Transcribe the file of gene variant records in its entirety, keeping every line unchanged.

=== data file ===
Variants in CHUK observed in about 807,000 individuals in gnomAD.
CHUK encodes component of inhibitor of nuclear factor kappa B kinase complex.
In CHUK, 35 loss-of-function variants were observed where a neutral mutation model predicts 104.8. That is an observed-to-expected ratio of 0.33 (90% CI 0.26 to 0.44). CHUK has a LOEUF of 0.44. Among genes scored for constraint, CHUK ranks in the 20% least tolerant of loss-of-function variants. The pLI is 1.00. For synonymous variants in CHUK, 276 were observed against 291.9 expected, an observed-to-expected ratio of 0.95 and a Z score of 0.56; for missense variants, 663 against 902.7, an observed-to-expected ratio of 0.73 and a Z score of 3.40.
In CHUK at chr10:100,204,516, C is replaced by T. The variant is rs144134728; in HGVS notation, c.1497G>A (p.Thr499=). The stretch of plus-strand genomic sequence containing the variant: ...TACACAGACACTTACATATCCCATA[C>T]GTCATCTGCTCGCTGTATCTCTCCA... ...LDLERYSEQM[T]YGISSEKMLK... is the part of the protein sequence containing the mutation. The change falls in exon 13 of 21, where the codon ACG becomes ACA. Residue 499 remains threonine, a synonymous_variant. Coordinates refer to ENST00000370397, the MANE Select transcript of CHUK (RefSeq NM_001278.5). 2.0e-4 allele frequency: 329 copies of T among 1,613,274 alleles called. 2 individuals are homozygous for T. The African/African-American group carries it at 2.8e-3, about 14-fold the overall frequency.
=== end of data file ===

Variants in CHUK observed in about 807,000 individuals in gnomAD.
CHUK encodes component of inhibitor of nuclear factor kappa B kinase complex.
In CHUK, 35 loss-of-function variants were observed where a neutral mutation model predicts 104.8. That is an observed-to-expected ratio of 0.33 (90% CI 0.26 to 0.44). CHUK has a LOEUF of 0.44. Among genes scored for constraint, CHUK ranks in the 20% least tolerant of loss-of-function variants. The pLI is 1.00. For synonymous variants in CHUK, 276 were observed against 291.9 expected, an observed-to-expected ratio of 0.95 and a Z score of 0.56; for missense variants, 663 against 902.7, an observed-to-expected ratio of 0.73 and a Z score of 3.40.
In CHUK at chr10:100,204,516, C is replaced by T. The variant is rs144134728; in HGVS notation, c.1497G>A (p.Thr499=). The stretch of plus-strand genomic sequence containing the variant: ...TACACAGACACTTACATATCCCATA[C>T]GTCATCTGCTCGCTGTATCTCTCCA... ...LDLERYSEQM[T]YGISSEKMLK... is the part of the protein sequence containing the mutation. The change falls in exon 13 of 21, where the codon ACG becomes ACA. Residue 499 remains threonine, a synonymous_variant. Coordinates refer to ENST00000370397, the MANE Select transcript of CHUK (RefSeq NM_001278.5). 2.0e-4 allele frequency: 329 copies of T among 1,613,274 alleles called. 2 individuals are homozygous for T. The African/African-American group carries it at 2.8e-3, about 14-fold the overall frequency.